Art, like anything, is in the eye of the beholder.  The world has thousands of protests artists, musicians, poets, novelists, but it depends who sees it, hears it, takes it in and is influenced by it.  In some cultures art is quite important, in others people make art almost in a vacuum.  In the end, the universe takes care of artists…I don’t know how, but it works.  As a society, any given culture would be wise to listen to its artists, to support them, as without creativity, many become a burden on society.  is it better to support an artists who only paints or sculpts or dances, and is dirt poor because they spend their whole lives with their craft, refusing to wait on tables?  or is it better to watch someone become dejected because THEY ARE NOT FOLLOWING THEIR DREAMS, and then commit a crime, or do harm to themselves?  Easy answer here:  support who you can in their dreams because that puts you on the path of realizing your own.


9) What is your idea about “sexuality”?

I think sex is great.  Those who deny it are missing out on God’s gift.  The Native Americans who walked my space in upstate New York years ago, were naturalists in their spirituality.  To them, at least as far as I know, making love was the highest homage to the Creator.  Easy to understand:  it’s because making love (at least the traditional forms of sex) meant that you were joining the Creator in the miracle of life (or at least a chance of making a new life) and thus, if you love, and love your life, and love your mate’s life, producing a child is a way of spreading the love.  The Creator surely smiles on love making.  If you and your mate can’t spread the love via making a baby, you ARE however spreading the love amongst yourselves, and helping your mate to be at peace in the world, and helping society by being in love and showing others how good your love is.  Thus, sexuality, when coupled with love, is just about the best thing you can do in private that helps the public good.  If lucky, you find a partner who loves sex as much and as often as you do.


10) There is a place where you love to go when you want to feel peace and well-being?

Outside.  In the Woods.  I used to paint outside, I still write outside.  I can also be in pure bliss at my sons’s baseball game, or being a part of a crowd at a rock concert.Specifically, Canandaigua, New York, the lake, the hills, the creeks. It’s usually not where I go, but with whom I go.

Doug & Jim

And here are my nominees.  If you don’t want to play along, that’s fine.

soulspeak2013.wordpress.com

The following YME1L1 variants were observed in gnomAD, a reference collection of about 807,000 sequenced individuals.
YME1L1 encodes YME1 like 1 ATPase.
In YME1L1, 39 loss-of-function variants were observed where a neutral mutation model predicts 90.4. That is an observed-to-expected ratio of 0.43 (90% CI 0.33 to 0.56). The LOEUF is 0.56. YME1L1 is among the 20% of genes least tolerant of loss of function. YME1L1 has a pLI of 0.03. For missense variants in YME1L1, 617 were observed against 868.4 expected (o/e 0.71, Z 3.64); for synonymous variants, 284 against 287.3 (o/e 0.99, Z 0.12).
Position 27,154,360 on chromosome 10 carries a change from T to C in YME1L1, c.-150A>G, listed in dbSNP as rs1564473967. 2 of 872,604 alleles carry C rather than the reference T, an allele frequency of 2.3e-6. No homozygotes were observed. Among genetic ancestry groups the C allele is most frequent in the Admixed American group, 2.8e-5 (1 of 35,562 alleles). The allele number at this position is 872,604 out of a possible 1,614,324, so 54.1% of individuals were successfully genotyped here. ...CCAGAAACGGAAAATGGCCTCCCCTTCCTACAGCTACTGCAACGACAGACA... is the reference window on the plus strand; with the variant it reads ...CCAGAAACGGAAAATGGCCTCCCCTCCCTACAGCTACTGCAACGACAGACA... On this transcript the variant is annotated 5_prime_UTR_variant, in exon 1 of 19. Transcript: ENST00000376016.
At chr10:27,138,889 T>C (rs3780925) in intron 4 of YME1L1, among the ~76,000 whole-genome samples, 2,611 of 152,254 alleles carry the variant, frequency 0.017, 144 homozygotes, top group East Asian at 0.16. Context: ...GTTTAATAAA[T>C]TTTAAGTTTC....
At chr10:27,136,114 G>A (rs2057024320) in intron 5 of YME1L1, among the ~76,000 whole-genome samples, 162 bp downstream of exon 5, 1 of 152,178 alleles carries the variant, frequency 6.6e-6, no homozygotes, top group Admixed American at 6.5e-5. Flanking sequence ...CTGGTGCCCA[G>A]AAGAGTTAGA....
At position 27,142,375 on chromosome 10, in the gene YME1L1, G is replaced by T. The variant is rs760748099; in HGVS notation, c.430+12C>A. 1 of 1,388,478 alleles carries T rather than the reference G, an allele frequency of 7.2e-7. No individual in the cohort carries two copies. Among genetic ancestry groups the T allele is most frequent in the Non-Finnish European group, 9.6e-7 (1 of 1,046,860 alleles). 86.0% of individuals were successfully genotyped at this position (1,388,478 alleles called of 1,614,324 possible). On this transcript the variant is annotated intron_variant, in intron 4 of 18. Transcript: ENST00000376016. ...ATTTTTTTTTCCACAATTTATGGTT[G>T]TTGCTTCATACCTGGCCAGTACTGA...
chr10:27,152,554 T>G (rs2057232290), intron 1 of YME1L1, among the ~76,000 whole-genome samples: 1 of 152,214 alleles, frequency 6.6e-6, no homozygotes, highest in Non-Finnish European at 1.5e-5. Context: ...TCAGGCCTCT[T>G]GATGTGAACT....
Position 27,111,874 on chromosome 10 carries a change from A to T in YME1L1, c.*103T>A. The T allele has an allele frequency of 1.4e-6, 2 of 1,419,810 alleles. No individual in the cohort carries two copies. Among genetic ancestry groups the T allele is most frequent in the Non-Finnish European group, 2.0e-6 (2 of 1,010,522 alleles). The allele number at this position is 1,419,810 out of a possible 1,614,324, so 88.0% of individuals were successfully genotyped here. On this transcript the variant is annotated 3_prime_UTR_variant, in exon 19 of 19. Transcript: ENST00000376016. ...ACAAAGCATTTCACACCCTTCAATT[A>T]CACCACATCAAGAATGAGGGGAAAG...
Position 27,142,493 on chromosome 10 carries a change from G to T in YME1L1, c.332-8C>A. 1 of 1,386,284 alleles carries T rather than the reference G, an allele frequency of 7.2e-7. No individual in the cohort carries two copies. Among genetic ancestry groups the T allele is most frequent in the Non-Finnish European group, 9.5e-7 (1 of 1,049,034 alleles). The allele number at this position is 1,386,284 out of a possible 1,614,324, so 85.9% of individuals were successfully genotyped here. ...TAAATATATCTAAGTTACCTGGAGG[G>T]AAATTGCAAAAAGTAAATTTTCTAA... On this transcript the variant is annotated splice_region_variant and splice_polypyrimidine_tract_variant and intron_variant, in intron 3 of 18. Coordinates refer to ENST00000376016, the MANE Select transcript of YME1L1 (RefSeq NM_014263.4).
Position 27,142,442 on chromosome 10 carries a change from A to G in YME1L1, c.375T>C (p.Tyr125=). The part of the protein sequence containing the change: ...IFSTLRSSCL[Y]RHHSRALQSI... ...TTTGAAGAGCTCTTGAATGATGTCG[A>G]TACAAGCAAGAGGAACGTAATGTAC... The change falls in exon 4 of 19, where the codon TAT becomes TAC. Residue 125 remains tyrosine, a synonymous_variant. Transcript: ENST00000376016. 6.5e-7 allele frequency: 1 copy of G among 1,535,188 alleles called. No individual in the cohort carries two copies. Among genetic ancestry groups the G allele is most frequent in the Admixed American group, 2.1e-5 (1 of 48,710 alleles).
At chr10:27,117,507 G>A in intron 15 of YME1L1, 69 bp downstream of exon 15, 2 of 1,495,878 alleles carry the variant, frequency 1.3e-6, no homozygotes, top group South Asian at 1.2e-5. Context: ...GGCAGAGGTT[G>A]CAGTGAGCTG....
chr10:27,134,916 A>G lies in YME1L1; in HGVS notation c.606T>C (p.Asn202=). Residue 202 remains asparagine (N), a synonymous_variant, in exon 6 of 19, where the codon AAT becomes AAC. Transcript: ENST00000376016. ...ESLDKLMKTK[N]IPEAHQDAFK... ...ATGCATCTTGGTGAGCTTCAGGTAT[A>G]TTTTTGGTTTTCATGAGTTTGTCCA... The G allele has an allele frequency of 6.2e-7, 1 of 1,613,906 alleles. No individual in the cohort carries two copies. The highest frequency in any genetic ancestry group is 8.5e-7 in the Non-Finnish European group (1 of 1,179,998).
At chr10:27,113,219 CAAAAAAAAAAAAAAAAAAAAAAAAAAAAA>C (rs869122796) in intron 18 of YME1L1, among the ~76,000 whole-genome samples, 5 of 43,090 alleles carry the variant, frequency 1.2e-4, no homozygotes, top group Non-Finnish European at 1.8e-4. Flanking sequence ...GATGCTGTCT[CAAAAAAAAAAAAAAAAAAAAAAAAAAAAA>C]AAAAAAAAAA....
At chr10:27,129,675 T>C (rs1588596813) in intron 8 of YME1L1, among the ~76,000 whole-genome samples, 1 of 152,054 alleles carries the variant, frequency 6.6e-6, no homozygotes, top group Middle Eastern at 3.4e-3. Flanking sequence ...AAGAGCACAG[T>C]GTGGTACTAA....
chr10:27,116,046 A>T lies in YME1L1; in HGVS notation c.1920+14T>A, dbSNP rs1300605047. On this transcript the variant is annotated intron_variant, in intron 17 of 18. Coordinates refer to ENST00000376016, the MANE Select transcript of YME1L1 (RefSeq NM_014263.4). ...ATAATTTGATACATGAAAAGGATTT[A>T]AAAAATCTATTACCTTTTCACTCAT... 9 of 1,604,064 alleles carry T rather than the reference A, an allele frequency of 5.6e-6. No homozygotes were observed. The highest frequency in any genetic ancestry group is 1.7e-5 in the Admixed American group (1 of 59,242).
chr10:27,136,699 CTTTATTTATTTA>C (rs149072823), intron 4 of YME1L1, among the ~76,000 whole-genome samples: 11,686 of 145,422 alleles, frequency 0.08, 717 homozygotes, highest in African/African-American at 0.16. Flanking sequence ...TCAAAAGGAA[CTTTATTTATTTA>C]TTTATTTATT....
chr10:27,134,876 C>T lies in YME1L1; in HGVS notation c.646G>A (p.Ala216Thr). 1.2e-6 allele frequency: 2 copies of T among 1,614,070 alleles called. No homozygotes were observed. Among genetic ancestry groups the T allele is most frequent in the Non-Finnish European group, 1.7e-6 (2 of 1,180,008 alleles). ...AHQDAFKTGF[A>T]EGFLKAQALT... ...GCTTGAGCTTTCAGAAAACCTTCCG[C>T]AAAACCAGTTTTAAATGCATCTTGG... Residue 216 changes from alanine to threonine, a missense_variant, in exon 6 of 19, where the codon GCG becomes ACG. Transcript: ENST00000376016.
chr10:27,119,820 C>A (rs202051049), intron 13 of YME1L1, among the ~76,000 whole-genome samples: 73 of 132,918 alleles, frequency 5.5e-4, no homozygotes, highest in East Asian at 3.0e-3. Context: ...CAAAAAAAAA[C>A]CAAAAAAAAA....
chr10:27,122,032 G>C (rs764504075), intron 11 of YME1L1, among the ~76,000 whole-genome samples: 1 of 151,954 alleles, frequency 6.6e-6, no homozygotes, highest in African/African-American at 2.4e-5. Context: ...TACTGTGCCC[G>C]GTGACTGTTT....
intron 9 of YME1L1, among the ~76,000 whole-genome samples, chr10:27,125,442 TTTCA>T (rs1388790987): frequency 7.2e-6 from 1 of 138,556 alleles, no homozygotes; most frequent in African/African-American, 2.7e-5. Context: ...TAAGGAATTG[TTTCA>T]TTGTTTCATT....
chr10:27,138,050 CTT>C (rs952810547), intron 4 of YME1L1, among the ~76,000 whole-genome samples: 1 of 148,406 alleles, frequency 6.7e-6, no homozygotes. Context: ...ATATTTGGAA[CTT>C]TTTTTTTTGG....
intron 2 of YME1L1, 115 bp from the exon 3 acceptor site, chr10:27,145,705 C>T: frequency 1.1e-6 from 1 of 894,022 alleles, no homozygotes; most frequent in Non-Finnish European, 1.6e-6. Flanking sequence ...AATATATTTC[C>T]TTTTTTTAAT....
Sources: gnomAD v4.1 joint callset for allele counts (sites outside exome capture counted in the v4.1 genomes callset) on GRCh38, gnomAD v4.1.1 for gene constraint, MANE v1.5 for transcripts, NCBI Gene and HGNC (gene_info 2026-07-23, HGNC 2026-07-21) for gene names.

poetella.wordpress.com

toastandteatogether.wordpress.com

cristianmihai.wordpress.com

meandthe30dayproject.wordpress.com

nikkiskies.wordpress.com

lijiun.wordpress.com

patcegan.wordpress.com

thoughtcatalog.wordpress.com

momentarylapseofsanity.wordpress.com

AND YOUR QUESTIONS

  1. Can better communication save the world?
  2. Are all cultures equal, just different?  Or are some cultures stronger/better/more reasonable than others, and why?
  3. Name a philosophy/philosopher you agree with and why
  4. Don’t think long:  What is your favorite movie?
  5. If you could give one 30 minute speech that would create universal harmony among humans, what would the title be?  Or, write us the whole speech.
  6. Did you ever fall in love at first sight?  If so, explain, if not, what are the parameters that need to fall into place in order for you to fall in love?
  7. Your favorite flavor of ice cream.
  8. The teacher you remember most from grades 1-8, and why
  9. What do you want your children or your friends to remember most about you?
  10. Is it possible to rise above expectations, both cultural and familial, and make a unique life that is a positive light? If you’ve done that or are in the process, let us know how.

Into the Light

There is this part that hides away.  The hikikimori in us, the over-booked stressed out adolescent male who, in Japan, hides away from society, and then may never come out again into the light.

When we lose a friend, or one moves away, or we become adult hikikimories (is that right for plural?) we stain ourselves and our need to be social and have the real chance of becoming weird or influenced by our own strange thinking.  The deal is that friends keep us in bounds.  They sting us with sarcasm when our thinking is out of line, they inspire us to keep doing what we did as kids, and then some, regardless of the pain.  Friends keep us alive and wanting more.

It’s simple:  when the turtle-ing instinct kicks in, kick it back by calling a friend.  or texting.  or emailing. or using Line, Kakao, Skype, your own blog or another of the myriad options for being public, or at least in touch with those who provide the necessary boundaries for a life of achievement.

Be Happy friends. Its an amazing cure-all.

And now this musical interlude: